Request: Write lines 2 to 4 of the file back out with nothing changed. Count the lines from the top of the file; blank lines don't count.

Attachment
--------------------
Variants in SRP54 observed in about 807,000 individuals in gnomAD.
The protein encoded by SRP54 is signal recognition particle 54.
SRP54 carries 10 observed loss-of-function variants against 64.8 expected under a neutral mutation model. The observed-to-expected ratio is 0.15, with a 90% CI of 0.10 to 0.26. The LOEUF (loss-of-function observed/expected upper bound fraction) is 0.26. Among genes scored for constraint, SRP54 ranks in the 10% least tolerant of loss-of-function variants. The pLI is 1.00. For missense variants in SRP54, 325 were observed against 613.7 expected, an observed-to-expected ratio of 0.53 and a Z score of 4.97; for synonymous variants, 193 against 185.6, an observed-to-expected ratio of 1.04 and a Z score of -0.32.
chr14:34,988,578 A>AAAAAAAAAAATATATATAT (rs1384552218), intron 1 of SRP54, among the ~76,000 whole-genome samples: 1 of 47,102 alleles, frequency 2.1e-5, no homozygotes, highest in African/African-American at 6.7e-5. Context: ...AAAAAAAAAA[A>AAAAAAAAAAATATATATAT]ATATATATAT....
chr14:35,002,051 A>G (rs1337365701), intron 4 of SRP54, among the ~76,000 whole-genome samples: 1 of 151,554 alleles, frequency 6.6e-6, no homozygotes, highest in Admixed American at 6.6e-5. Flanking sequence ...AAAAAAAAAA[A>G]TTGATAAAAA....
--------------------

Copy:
The protein encoded by SRP54 is signal recognition particle 54.
SRP54 carries 10 observed loss-of-function variants against 64.8 expected under a neutral mutation model. The observed-to-expected ratio is 0.15, with a 90% CI of 0.10 to 0.26. The LOEUF (loss-of-function observed/expected upper bound fraction) is 0.26. Among genes scored for constraint, SRP54 ranks in the 10% least tolerant of loss-of-function variants. The pLI is 1.00. For missense variants in SRP54, 325 were observed against 613.7 expected, an observed-to-expected ratio of 0.53 and a Z score of 4.97; for synonymous variants, 193 against 185.6, an observed-to-expected ratio of 1.04 and a Z score of -0.32.
chr14:34,988,578 A>AAAAAAAAAAATATATATAT (rs1384552218), intron 1 of SRP54, among the ~76,000 whole-genome samples: 1 of 47,102 alleles, frequency 2.1e-5, no homozygotes, highest in African/African-American at 6.7e-5. Context: ...AAAAAAAAAA[A>AAAAAAAAAAATATATATAT]ATATATATAT....